It is never predictable how much an artist can develop for the better from one album to the next. There are simply too many variables and although most of these variables – openness, the ability to put on big ears to “listen” (not hear) what a musical narrative is telling him or her; the repertoire itself and so on can sometimes become a source for bemusement. But apparently all of this seems to have worked out magnificently for Kavita Shah, not the least because her very openness has made for a large infusion of magic to enter into the proverbial mix. And then there is the matter of her musical partner on this deep dive into the music in question: François Moutin a musician and contrabassist who plays with considerable daring and is joined at the hip with Miss Shah on Interplay.
A Jazz duo might not want to regard themselves as a pair of musicians like classical lied performers. But, as ever, there are no differences really. The intensity of involvement with what each other is doing, the development of characters in the course of their involvement of a particular narrative and the ability to be immersed in each other; invested in the theatrical and the emotional is key to the success and beauty of every performance. And here Miss Shah and Mr. Moutin can hold their own with “the very best of them”. Their performance won Interplay is hypnotic – and powerfully so.
It helps that Kavita Shah seems to have completely disengaged herself from her proverbial chrysalis and has adorned herself with fully-developed musical wings. On “You Go to My Head” she gives notice that she has become as huge and impossibly beautiful as melodic monarch butterfly, and on “Bliss” she is incredibly difficult to catch; on “Falling in Love with Love” she is equal to the challenging gauntlet thrown down by every vocalist’s mentor, the great Sheila Jordan; in fact on that song, and on “Peace” Miss Shah may have set the bar high for the two of them and done it all by herself. And on “Coming Yesterday” and “Aigue Marine” Miss Shah she takes the two torch songs and all but runs away from both Mr. Moutin and the author of the songs, the legendary Martial Solal.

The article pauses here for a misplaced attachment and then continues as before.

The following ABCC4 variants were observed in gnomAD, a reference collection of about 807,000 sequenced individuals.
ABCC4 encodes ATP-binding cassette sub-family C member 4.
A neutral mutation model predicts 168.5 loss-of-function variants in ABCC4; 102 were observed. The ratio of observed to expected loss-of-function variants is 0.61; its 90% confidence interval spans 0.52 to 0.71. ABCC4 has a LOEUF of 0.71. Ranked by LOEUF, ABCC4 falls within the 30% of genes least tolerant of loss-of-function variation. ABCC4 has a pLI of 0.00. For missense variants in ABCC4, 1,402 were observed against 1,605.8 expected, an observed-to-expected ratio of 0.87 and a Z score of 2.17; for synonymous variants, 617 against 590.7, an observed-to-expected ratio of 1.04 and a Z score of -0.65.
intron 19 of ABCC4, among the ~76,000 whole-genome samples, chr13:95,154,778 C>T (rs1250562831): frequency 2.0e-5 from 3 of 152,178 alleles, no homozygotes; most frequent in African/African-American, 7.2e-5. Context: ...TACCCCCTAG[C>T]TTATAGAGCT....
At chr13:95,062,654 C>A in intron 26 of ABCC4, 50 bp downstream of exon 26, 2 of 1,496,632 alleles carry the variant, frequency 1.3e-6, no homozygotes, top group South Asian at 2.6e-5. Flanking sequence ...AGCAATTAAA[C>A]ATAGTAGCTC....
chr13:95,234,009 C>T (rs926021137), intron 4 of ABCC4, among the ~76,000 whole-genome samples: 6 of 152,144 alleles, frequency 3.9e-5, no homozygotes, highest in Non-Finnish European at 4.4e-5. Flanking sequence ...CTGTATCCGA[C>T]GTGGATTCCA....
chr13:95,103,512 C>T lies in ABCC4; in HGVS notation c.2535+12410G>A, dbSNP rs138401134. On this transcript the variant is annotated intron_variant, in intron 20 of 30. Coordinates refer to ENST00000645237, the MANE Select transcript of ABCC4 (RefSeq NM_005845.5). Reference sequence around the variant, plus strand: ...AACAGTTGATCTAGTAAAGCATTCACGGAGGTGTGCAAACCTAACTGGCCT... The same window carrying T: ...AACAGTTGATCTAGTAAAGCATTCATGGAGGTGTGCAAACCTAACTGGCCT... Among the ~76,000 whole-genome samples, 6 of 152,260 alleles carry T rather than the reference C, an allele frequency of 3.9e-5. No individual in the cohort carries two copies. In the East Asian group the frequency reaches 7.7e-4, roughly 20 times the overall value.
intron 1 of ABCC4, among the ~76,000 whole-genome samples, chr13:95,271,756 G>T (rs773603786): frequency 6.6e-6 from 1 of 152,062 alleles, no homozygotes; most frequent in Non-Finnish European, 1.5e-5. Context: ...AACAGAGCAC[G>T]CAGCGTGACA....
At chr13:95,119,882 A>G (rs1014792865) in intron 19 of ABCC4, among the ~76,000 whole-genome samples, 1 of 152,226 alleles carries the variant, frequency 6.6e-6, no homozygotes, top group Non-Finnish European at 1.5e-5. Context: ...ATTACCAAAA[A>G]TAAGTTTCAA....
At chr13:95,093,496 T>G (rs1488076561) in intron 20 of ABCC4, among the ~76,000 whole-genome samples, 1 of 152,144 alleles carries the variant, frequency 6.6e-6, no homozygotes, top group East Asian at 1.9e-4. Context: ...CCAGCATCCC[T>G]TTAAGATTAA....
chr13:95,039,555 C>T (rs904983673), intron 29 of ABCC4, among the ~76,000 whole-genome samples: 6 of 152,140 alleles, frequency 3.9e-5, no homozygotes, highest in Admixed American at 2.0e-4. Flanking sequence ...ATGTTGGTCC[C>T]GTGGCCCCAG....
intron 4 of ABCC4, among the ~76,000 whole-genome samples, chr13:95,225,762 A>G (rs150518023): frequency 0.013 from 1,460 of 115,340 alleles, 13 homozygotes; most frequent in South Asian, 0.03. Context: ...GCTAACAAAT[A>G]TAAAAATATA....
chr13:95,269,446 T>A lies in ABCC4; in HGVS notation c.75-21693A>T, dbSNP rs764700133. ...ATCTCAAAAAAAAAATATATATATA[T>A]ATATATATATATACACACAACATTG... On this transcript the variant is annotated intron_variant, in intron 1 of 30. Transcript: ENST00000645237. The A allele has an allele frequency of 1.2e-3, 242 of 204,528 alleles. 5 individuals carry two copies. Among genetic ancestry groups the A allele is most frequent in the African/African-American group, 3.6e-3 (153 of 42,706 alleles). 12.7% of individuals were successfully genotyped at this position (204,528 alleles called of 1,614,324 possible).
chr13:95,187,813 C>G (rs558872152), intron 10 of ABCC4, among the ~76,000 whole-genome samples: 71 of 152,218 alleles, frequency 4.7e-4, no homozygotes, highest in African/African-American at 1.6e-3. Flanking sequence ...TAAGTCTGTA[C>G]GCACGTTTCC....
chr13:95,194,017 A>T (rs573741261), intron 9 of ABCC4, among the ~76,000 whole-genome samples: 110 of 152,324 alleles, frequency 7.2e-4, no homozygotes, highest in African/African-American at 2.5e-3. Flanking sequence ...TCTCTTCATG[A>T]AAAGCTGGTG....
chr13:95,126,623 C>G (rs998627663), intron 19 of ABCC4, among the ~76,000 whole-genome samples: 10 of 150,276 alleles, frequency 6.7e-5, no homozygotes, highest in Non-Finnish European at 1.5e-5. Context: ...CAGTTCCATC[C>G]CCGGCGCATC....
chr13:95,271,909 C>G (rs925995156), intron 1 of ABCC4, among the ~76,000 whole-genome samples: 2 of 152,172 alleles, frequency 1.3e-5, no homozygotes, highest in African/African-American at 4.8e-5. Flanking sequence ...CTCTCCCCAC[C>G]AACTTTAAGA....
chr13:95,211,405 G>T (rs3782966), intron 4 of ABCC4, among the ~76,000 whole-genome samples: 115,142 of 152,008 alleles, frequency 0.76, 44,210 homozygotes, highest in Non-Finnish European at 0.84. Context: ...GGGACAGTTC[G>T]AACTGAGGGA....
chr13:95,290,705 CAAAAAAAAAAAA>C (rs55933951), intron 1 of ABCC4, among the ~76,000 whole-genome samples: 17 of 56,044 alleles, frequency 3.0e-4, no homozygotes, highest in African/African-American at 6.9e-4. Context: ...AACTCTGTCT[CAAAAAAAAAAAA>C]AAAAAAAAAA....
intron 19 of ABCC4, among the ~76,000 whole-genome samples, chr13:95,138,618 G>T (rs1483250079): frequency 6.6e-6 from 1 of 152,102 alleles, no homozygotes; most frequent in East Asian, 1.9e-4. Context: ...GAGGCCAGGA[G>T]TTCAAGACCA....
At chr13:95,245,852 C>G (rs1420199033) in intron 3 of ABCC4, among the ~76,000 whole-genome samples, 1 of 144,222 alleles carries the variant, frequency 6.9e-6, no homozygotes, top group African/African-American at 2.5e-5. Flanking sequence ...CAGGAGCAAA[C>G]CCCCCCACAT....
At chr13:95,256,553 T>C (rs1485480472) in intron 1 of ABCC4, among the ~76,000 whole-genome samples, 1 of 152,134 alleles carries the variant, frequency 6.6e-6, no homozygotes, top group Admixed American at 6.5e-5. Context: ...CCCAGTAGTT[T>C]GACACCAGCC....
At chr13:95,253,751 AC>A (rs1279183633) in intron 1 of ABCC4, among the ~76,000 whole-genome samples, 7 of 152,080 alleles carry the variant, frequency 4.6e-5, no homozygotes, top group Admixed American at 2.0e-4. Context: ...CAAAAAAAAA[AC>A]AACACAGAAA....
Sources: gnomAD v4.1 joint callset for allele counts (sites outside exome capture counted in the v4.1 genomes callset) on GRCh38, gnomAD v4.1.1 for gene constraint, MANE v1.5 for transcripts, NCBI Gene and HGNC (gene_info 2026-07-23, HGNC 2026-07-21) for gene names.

For his part François Moutin is an equal participant in the creative process throughout this album. He is a sensational bassist with a larger-than-life tone and an approach to his instrument that varies from town-crier to marquee-painter. His playing is voluptuous and so, appropriately, he creates a landscape that is breathtakingly tactile. But he is also a brilliant accompanist who knows exactly when to step away from the spotlight and let it shine exclusively on his vocalist, and when to take that light and shine it upon himself. “Utopian Vision” and “Interplay” are two fine examples of this masterful ability.
There may be many recorded performances that exist in the library of music; some of them are already classics. All things considered, Kavita Shah and François Moutin’s Interplay is bound not only for that vaunted status, but is guaranteed to hold its own with the very best of them.
Track list – 1: You Go to My Head; 2: La Vie en Rose; 3: Coming Yesterday; 4: Bliss; 5: Falling in Love with Love; 6: Aigue Marine; 7: Blah Blah; 8: Utopian Vision; 9: Interplay; 10: The Provider’s Gone; 11: Peace
Personnel – Kavita Shah: voice and ukulele (10); François Moutin: contrabass; Martial Solal: piano (3, 6); Sheila Jordan: voice (5, 11)
Released – 2018
Label – Dot Time Records
Runtime – 54:23